In the past, gamers have had little reason to consider a Mac configuration for gaming. But according to Apple itself, that could change in the future. The Mac maker confirmed its plans to get serious about PC gaming in a recent interview, which could potentially make it more appealing to gamers.
“Of course, you can imagine the pride of some of the GPU folks and imagining, ‘Hey, wouldn’t it be great if it hits a broader set of those really intense gamers,’” Apple vice president of platform architecture Tim Milet mused in an interview with Tom’s Guide. “It’s a natural place for us to be looking, to be working closely with our Metal team and our Developer team. We love the challenge.”
Apple’s embrace of PC gaming comes on the strengths of its M1 processor. The company had initially announced a timeline to transition away from Intel CPUs on the Mac at WWDC 2020. In the same interview, Apple executives stated that before the company could enter the gaming space, it had to make the Mac powerful and power-efficient.
In order to make the M1 processor a compelling switch for the company and devoted Mac fans, Bob Borchers, Apple vice president of worldwide product marketing, said that Macs have to retain strong battery life and deliver solid performance with Rosetta for emulation to make the transition from Intel CPUs as seamless as possible. With the 13-inch MacBook Pro delivering a stated battery life of 20 hours — Apple nearly doubled what was previously possible on a comparable Intel build — as well as subsequent reviews of the laptop that showed performance was no slouch, Apple is now setting a third goal for its M-series processors: Bringing gaming to the Mac.
Like Apple’s A-series processors on the iPhones and iPads that have turned the company’s smartphones and tablets into very capable portable consoles for casual gaming on the go, the M-series Mac CPUs combine ARM processing cores with custom integrated graphics cores. This is different from traditional PC gaming systems, which oftentimes are outfitted with powerful discrete graphics cards, like Nvidia’s GeForce RTX 3000 series or rival AMD’s Radeon RX 6000 series. Apple will take the contrarian approach here, eschewing more powerful discrete GPUs for integrated graphics with the M-series.
However, with rumors swirling that future iterations of the M-series chips could come with as many as 16 or 32 graphics cores, Apple’s venture into gaming shouldn’t come as too big of a surprise. Gaming apps, after all, became a big catalyst for the iPhone’s early success when Apple brought the App Store to its smartphones. Apple likely wants to repeat history for the Mac. The 32-core M-series chipset was previously rumored for a future revision of the Mac Pro desktop, which if accurate, could radically transform Apple’s pro-grade workstation into a monster gaming rig.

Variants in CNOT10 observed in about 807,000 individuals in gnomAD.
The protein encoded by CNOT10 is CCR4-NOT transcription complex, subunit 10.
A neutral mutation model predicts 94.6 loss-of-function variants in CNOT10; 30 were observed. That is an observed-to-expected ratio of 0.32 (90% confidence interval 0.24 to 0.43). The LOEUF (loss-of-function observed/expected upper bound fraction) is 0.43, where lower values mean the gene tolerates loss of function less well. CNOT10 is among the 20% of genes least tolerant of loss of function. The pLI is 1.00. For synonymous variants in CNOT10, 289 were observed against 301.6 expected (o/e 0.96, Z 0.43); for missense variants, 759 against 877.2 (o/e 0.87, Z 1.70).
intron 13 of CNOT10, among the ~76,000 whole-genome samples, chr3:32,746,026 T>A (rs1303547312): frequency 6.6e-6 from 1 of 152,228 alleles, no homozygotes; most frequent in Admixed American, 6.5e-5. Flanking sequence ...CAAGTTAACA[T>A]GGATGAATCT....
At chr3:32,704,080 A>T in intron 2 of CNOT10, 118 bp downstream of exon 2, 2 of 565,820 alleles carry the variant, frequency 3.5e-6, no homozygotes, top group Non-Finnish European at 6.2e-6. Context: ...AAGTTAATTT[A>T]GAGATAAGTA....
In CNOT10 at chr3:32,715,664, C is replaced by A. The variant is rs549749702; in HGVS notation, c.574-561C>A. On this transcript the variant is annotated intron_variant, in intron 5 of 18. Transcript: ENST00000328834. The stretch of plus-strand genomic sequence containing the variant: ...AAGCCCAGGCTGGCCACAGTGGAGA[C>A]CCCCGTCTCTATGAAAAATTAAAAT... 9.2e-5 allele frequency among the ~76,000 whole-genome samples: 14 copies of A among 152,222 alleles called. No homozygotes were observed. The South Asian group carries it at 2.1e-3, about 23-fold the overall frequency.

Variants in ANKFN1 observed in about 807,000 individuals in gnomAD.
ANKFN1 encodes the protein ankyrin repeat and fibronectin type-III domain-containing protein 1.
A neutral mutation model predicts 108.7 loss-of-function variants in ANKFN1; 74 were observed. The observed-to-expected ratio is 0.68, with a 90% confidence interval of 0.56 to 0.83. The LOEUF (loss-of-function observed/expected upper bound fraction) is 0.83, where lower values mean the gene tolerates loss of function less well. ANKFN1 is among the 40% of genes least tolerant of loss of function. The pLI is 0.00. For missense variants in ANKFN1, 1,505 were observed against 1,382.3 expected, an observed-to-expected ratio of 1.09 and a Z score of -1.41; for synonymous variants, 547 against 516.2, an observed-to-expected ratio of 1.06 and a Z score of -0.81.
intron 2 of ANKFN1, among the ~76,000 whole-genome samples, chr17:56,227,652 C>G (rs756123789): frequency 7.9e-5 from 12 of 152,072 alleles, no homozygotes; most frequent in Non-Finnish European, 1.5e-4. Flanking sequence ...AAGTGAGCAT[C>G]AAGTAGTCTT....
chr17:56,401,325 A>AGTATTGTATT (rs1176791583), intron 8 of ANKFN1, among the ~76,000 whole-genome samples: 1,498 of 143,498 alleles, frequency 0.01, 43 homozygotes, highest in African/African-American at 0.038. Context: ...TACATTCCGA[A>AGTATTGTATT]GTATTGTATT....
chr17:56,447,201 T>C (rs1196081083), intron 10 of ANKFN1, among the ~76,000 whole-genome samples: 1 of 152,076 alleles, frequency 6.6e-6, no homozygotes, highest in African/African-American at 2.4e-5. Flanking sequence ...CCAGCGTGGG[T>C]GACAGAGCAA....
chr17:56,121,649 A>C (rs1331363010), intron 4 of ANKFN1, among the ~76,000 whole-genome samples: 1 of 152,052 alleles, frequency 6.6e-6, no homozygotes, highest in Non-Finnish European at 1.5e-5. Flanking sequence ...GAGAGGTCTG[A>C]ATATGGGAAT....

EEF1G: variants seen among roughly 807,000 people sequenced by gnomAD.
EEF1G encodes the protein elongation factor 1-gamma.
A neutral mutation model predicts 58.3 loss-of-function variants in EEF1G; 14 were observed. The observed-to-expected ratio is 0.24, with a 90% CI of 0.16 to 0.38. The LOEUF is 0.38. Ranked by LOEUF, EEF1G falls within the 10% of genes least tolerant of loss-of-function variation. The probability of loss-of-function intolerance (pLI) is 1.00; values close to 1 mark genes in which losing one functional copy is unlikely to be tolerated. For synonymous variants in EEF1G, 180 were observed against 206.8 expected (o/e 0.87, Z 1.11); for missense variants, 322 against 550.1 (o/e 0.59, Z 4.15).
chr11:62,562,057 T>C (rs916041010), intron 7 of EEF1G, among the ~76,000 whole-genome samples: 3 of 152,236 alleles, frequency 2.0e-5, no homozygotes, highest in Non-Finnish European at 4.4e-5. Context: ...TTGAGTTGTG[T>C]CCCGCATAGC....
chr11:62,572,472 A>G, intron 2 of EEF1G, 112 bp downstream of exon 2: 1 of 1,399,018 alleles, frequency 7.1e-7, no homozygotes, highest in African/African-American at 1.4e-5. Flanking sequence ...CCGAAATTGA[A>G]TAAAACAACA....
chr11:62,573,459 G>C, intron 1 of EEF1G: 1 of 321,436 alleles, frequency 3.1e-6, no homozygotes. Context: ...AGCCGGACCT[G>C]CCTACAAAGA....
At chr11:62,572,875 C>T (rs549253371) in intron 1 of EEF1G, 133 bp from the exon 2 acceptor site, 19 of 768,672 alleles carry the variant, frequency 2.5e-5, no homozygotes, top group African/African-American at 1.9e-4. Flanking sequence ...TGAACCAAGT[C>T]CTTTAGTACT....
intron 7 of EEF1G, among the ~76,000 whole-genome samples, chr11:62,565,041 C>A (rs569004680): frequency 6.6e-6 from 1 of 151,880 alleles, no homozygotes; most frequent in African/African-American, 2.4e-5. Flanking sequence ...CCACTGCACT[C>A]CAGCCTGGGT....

Apple’s push into gaming also appears to be a natural evolution of the company’s business strategy. After years of investing in hardware sales, Apple is now looking to grow its services, which includes iCloud subscription plans, App Store and in-app purchases, Apple TV+ streaming, Apple Music, Apple News+, and more. Bringing gaming to the Mac would only grow the App Store catalog on the Mac and generate more revenue for the company.
It’s unclear what Apple’s long-term strategy for PC gaming on a Mac will be. Whether Apple will try to repeat the success of the iPhone by bringing casual, yet highly immersive gaming experiences to the Mac with a number of inexpensive titles or if it will work with developers to port AAA titles that are available on Windows platforms is unknown. Either way, the potential success of gaming on a Mac that’s powered by an M-series chipset should come as a credible threat to Intel — which is also developing its own discrete graphics cards — as well as GPU makers Nvidia and AMD.
- Will the Vision Pro replace the Mac? Why Apple will have to tread carefully
- I’m a laptop reviewer. Here’s why I still use a laptop from 2021
- I fell in love with this adorable mini gaming PC
- The MacBook Pro M3 doesn’t have a memory problem — it has a pricing problem
- Apple just dashed our iMac hopes and dreams